Foresight and a sense of urgency
If I am writing a lot about Mindanao these days, it’s because I’m thoroughly convinced of its vital importance to the nation. I see that island region as the focal point and driver of the entire Philippine economy in the near future, if it is not already. Mindanao has in fact managed to outgrow the rest of the Philippine economy in recent periods. In 2009, the latest year for which regional growth data are available, Mindanao’s economy grew nearly four times faster (3.8 percent) than the overall economy did (0.9 percent). And with its multi-faceted endowments—spanning not only economic but also social and cultural assets inherent to the island region—there is much basis to expect Mindanao to pace the growth of the overall Philippine economy.
This is why I fret over the fact that an energy crisis is upon Mindanao all over again. It’s a far cry from the past, when energy was the least of Mindanao’s worries. It had the lowest-cost energy in the country, blessed as it is with cheap and renewable hydro and geothermal power. Mindanao’s agriculture-dominated economy also produces an abundance of biomass waste with tremendous energy potentials. Among the country’s island groups, Mindanao is best endowed to showcase the importance that renewable energy can play in the country’s energy future, in our quest for a low-carbon future. Barely 10 years ago, more than four-fifths (83 percent) of Mindanao’s power came from renewable energy sources, mainly hydro. There were no coal power plants then, oil-based plants accounted for only 17 percent of generated power, and there was no solar power capability.
Things have since changed. Mindanao’s energy supplies relative to demands have not only tightened considerably; the energy profile has also moved away from renewables, toward greater reliance on fossil fuels. STEAG State Power Inc. commissioned a two-unit 232-MW coal power plant in Misamis Oriental in 2006. Coal has since become a significant contributor, accounting for 12.4 percent in 2009, rising further to 18 percent in 2011. At the height of the 2010 power crisis, coal’s contribution exceeded 27 percent as hydropower plants failed to reach their capacities, while oil’s share has stayed within the 17-18-percent level. On the side of renewables, Cagayan Electric Power and Light Co. (Cepalco) opened a one-megawatt photovoltaic power plant in Cagayan de Oro in 2005.
This overall reversal of fortunes arose from a mix of factors that were both within and outside our control. The periodic El Niño droughts that severely reduce the capacities of hydroelectric power plants, as happened in the 2010 Mindanao power crisis, is largely beyond anyone’s hands. But we could have had the foresight to prevent the wanton deforestation in the watersheds feeding the waterways (Agus and Pulangui Rivers) that propel Mindanao’s major hydroelectric power plants. Such deforestation has led to massive soil erosion causing siltation in these waterways, especially in Pulangui. Such massive siltation has in turn drastically reduced actual capacities of the seven hydro power plants on these rivers by nearly half.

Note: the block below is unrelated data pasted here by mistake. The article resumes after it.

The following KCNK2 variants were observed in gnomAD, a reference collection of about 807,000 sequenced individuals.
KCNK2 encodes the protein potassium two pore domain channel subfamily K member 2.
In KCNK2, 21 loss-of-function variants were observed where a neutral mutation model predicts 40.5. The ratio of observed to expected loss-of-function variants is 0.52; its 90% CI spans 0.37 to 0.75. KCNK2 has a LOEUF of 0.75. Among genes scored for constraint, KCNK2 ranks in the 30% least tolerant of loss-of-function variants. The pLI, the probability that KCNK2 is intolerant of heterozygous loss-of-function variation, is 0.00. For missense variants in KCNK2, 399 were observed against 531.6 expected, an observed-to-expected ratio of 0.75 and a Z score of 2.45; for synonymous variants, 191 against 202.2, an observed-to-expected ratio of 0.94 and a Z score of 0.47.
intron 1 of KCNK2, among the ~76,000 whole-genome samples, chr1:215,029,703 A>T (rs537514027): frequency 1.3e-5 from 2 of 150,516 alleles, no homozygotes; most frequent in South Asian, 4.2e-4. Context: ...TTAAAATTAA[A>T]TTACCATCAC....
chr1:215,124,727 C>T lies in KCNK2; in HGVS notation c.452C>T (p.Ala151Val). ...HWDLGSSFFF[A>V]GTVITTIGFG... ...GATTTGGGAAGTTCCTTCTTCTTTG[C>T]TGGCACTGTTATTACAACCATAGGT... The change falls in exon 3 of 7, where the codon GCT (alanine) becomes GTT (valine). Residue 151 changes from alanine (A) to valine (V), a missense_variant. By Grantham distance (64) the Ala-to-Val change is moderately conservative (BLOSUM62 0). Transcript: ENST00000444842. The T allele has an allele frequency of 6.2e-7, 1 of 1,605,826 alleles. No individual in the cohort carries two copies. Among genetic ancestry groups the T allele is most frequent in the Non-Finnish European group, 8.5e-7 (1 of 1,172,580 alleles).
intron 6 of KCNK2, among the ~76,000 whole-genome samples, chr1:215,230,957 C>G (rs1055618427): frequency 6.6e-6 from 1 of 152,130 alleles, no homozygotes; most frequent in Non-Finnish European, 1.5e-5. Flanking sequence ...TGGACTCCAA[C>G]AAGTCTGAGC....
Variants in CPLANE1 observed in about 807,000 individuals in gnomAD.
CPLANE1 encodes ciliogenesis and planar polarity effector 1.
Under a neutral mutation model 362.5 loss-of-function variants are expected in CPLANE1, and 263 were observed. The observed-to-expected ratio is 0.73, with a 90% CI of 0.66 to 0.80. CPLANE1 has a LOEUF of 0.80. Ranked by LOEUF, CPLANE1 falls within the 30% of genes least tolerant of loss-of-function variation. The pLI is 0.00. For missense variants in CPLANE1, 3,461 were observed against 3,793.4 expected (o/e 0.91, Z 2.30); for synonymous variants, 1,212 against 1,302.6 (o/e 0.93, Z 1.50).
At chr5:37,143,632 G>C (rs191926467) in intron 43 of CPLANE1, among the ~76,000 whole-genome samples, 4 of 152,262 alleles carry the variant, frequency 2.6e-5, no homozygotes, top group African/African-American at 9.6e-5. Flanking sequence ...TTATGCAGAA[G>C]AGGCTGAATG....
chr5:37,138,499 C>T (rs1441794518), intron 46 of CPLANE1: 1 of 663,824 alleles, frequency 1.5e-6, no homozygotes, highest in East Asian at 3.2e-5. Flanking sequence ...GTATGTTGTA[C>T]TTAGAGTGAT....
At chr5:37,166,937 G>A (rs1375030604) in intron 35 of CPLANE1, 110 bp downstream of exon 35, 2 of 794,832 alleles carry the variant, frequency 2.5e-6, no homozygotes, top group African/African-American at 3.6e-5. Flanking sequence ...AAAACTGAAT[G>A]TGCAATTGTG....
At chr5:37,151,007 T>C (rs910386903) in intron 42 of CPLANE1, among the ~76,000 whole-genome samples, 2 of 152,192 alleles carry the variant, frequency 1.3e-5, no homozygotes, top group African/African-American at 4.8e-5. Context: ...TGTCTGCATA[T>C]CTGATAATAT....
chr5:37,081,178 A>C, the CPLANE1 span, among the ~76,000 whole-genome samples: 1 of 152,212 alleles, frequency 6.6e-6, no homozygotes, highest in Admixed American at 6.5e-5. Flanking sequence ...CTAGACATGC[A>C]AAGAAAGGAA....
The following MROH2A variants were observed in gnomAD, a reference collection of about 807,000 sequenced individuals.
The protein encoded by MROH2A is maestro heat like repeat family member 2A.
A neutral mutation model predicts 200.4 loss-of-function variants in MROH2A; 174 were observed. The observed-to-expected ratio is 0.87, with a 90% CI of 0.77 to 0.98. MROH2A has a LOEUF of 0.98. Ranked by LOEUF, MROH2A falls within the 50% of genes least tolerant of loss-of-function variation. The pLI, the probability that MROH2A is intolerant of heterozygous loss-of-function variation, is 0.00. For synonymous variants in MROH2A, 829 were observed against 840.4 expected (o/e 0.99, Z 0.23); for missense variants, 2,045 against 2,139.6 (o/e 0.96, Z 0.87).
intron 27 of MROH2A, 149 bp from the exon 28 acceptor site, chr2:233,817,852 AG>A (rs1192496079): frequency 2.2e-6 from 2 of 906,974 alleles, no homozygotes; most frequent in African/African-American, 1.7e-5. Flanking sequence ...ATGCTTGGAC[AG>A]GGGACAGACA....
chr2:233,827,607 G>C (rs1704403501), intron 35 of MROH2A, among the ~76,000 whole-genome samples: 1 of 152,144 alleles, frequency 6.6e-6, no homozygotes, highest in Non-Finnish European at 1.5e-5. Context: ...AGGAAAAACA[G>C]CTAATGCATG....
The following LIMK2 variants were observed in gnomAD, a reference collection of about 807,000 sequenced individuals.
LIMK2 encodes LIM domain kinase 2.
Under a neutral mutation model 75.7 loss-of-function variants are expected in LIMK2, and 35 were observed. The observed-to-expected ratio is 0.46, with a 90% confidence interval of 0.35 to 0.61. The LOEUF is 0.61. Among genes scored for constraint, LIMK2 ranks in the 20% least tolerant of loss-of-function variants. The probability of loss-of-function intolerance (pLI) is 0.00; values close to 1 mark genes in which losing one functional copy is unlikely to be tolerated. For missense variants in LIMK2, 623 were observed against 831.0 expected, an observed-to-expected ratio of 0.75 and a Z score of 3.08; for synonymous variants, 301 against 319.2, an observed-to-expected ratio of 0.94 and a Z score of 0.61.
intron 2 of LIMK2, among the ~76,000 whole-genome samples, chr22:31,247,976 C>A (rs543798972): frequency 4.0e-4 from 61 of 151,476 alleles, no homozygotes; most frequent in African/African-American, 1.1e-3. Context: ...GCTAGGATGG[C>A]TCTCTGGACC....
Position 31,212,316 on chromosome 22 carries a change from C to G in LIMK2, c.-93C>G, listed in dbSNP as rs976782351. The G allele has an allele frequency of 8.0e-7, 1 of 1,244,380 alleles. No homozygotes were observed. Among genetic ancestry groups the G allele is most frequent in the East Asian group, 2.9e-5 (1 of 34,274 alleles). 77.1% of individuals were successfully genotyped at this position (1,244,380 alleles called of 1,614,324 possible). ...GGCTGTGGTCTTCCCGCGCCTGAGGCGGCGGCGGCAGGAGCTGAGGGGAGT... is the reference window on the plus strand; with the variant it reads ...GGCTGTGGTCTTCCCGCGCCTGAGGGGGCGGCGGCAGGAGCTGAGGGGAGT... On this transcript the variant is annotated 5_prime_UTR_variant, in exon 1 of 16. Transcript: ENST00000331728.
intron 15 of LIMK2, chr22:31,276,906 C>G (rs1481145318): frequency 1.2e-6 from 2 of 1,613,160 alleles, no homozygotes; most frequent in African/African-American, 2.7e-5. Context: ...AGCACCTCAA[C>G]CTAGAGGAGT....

There are two logical remedial steps to correct the situation and potentially restore up to 200 MW of generation capacity. In the short term, the long-overdue dredging of the Pulangui River and rehabilitation of the six Agus River power plants are supposedly programmed for implementation this year, at a cost of P3.65 billion. The temporary plant closures these would entail would inevitably worsen an already short power supply situation, and may yet stop them from happening. These measures could and should have been done years ago, when doing so would not have been as disruptive—but alas, we only finally act when already up against the wall. Over the longer term, aggressive reforestation and strict law enforcement to stop further deforestation in the Pulangui and Agus watersheds must receive the serious attention they had always deserved—but neglected amid our officials’ usual lack of sense of urgency. The unprecedented disaster wrought by Tropical Storm “Sendong” on Cagayan de Oro and Iligan was a grim reminder of the cost of such lack of foresight.
Note that Mindanao’s current predicament happens at a time when lack of rain isn’t particularly a problem. What more, then, if a drought similar to that seen in 2010 dramatically cuts available power anew from the hydro power plants, whose contribution plummeted from 51.8 percent of Mindanao power in 2009 to only 12.3 percent in April 2010? One thing is certain: because we had not been proactive enough in the past, the energy situation in Mindanao will get worse, before it gets better. Our goal now should be to make the duration of the wait to when things do finally get better as short as possible, while minimizing the costs to the people of Mindanao and the entire nation.
Meanwhile, further energy diversification in Mindanao seems the only way to go. The needed quick fixes will force us to set aside, one hopes temporarily, the desired movement away from fossil fuels. Overdependence on cheap hydroelectric power has proven to be subject to much uncertainty, especially with the creeping effects of climate change. But this is not to say that we shouldn’t continue pursuing more development of hydropower potentials in Mindanao, especially because there remain numerous sites with potentials for small hydro power plants—I have seen some in the Zamboanga Peninsula and in Basilan, for example—not to mention biomass energy. But henceforth, foresight and a sense of urgency should not be the rare commodities that they have so far been.
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